2 StarsElf-Man is a light and fluffy holiday entertainment. Similar to many real-life holiday get-togethers with the family, this comedy starts out pleasantly enough but degenerates into monotony. Until it finally exposes itself to be an inoffensive, but formulaic hodgepodge of childish humor and unsuccessful attempts to tug at the heart.
This is Elf-Man’s (Jackass member Weeman), first year on slay duty. Yet, he is saddled with the unenvious task of playing pooper-scooper to Santa’s flatulent reindeer. He is an elf of such pure nature that when he burps in his sleep, the vapor tuns into a delightful snow-globe. After hearing the cries of a sad little girl, Santa leaves the elf stranded with the family over Christmas Eve. Meanwhile Dr. Harper has been kidnapped by three bumbling criminals. Think of Elf-man as E.T. mixed with Home Alone.
The only term I could think of to describe this movie accurately is cute. Santa’s elves use handheld electronic tablets with the list of naughty or nice children, but wouldn’t you know it; when he is away they are browsing elfbook. Directed by Ethan Wiley, a man with only horror films on his resumé, from a script co-written with Richard Jefferies, another alumnus from the horror genre. Jeffery Combs, whom some may recall was the creep presence in the cult classic Re-animator, is totally wasted as the lead villain.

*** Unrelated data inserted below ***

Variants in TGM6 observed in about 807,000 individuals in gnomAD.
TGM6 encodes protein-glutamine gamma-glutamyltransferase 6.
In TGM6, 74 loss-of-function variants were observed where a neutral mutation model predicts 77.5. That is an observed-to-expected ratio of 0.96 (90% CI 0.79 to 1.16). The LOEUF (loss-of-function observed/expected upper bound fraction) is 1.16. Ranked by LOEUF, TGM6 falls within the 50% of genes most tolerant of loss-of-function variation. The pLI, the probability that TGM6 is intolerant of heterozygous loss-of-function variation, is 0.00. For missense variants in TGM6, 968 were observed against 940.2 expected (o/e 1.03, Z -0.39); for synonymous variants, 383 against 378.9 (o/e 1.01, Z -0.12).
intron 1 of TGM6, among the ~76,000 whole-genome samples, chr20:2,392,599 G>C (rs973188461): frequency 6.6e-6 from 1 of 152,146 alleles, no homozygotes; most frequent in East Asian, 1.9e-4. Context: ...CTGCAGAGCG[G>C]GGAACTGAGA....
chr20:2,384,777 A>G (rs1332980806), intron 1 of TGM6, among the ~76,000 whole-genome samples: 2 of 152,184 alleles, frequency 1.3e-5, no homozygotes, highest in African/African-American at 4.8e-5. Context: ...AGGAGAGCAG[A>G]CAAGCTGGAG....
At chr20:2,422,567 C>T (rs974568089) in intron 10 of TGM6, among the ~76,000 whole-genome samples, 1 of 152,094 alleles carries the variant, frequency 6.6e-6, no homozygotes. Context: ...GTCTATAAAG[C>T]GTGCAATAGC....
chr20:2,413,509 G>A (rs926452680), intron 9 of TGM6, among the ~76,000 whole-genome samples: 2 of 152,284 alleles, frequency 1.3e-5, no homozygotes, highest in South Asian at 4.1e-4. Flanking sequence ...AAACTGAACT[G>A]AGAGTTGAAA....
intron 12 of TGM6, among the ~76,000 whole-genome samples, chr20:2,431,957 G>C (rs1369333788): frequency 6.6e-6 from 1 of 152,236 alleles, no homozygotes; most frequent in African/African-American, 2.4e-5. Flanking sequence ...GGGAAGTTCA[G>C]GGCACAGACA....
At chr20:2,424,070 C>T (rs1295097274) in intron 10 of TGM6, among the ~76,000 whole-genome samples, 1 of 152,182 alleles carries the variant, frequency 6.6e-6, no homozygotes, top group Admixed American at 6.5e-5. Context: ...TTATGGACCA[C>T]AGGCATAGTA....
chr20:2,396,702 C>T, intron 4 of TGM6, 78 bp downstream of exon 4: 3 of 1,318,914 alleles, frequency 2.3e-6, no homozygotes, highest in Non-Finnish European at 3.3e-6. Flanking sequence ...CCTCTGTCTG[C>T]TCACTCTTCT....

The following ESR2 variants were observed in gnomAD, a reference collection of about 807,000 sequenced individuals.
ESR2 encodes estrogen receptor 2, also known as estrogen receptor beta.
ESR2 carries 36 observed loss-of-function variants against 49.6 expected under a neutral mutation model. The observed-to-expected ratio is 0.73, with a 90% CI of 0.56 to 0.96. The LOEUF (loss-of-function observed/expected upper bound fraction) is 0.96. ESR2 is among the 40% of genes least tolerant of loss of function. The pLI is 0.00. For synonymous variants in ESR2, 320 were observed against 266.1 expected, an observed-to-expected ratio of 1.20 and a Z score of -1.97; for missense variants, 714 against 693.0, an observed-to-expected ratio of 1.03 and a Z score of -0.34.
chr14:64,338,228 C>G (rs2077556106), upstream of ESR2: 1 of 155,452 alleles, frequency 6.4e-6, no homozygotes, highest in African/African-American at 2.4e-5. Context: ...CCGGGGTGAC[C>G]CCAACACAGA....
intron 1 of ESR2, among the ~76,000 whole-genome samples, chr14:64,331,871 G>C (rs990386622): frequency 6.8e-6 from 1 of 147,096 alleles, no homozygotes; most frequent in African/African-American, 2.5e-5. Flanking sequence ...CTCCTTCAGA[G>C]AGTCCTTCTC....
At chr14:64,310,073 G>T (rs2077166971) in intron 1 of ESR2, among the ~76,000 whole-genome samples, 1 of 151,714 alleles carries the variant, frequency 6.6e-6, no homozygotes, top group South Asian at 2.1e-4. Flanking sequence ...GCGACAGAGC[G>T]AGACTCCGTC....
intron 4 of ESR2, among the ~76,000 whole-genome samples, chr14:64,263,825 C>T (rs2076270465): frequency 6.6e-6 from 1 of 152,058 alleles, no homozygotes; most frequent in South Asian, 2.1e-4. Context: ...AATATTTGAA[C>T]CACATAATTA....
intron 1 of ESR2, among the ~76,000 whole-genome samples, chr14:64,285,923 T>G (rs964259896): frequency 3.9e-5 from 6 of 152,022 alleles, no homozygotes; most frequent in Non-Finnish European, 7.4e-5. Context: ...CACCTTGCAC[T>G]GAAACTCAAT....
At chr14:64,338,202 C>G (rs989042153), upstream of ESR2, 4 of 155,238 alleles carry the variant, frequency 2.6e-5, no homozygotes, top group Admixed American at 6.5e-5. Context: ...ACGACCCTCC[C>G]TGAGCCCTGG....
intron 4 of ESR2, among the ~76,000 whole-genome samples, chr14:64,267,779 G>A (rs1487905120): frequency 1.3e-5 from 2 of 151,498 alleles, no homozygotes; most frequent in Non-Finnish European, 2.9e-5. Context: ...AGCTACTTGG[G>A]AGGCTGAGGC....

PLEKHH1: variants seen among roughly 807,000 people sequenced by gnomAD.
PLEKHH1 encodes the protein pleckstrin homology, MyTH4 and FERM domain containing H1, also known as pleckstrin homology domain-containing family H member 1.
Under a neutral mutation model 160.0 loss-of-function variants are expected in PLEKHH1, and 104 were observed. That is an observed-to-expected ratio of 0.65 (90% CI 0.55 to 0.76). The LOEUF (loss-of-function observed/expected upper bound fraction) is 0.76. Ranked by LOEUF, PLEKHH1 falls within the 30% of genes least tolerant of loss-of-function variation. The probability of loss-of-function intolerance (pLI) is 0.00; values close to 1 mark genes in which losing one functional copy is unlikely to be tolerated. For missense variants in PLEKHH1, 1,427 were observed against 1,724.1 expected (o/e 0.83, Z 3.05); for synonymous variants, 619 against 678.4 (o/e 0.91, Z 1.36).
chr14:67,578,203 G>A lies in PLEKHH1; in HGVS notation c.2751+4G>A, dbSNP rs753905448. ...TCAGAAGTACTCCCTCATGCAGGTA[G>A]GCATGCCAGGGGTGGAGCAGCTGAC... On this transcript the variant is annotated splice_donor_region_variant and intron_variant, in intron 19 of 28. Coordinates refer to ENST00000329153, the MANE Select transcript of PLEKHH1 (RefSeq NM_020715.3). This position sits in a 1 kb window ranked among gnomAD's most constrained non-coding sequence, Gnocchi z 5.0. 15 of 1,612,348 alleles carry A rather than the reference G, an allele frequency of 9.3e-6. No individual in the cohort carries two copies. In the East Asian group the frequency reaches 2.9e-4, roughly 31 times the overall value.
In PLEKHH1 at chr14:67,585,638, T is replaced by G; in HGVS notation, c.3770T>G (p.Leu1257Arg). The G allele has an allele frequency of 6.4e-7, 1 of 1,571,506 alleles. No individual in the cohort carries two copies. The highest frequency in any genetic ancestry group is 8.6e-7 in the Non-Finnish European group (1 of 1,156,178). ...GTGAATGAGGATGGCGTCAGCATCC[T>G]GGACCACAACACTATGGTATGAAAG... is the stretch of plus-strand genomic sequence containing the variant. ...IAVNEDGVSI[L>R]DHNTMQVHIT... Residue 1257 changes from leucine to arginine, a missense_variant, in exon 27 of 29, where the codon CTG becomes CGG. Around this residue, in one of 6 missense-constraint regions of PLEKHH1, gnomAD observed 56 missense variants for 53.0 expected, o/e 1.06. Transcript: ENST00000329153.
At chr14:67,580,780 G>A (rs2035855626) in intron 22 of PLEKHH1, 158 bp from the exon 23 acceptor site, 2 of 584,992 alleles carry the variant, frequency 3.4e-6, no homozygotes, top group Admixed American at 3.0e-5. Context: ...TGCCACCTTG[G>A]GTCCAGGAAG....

There are a few amusing bits including a homage to Sergio Leone’s finale in The Good, the Bad and the Ugly. Elf-man makes a half-hearted attempt to morph into a superhero origins fable mid-way through. Yet, it is far more successful when sticking to the slapstick elements and a nice holiday message about believing in miracles. While assuredly not for the Jackass crowd, Elf-Man is likely to please undemanding young viewers with Christmas on the brain.
Director: Ethan Wiley
Stars: Jason ‘Wee Man’ Acuña, Jeffrey Combs, Mackenzie Astin